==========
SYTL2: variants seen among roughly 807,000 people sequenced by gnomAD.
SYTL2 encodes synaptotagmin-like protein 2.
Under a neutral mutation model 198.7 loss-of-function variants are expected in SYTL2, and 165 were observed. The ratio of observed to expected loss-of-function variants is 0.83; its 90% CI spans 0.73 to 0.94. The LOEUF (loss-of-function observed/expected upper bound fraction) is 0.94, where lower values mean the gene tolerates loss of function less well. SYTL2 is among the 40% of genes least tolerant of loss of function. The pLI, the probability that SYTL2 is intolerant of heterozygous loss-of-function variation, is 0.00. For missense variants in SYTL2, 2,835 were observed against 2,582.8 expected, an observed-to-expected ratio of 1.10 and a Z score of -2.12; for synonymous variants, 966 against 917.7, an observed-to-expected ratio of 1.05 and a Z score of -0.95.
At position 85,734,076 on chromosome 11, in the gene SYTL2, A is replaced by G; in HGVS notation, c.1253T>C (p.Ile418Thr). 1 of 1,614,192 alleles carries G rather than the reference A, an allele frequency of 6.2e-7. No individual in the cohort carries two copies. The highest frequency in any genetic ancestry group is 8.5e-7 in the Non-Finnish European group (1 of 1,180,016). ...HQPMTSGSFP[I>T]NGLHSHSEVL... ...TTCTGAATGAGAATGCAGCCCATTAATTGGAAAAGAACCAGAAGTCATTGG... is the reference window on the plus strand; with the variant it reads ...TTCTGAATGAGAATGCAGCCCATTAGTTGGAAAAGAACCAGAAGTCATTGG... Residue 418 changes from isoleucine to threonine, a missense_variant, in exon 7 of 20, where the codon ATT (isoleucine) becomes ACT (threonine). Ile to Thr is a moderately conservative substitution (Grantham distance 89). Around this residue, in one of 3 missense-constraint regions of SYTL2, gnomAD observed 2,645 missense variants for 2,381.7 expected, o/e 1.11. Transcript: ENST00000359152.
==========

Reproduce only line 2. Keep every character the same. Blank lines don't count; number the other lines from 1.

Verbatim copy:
SYTL2 encodes synaptotagmin-like protein 2.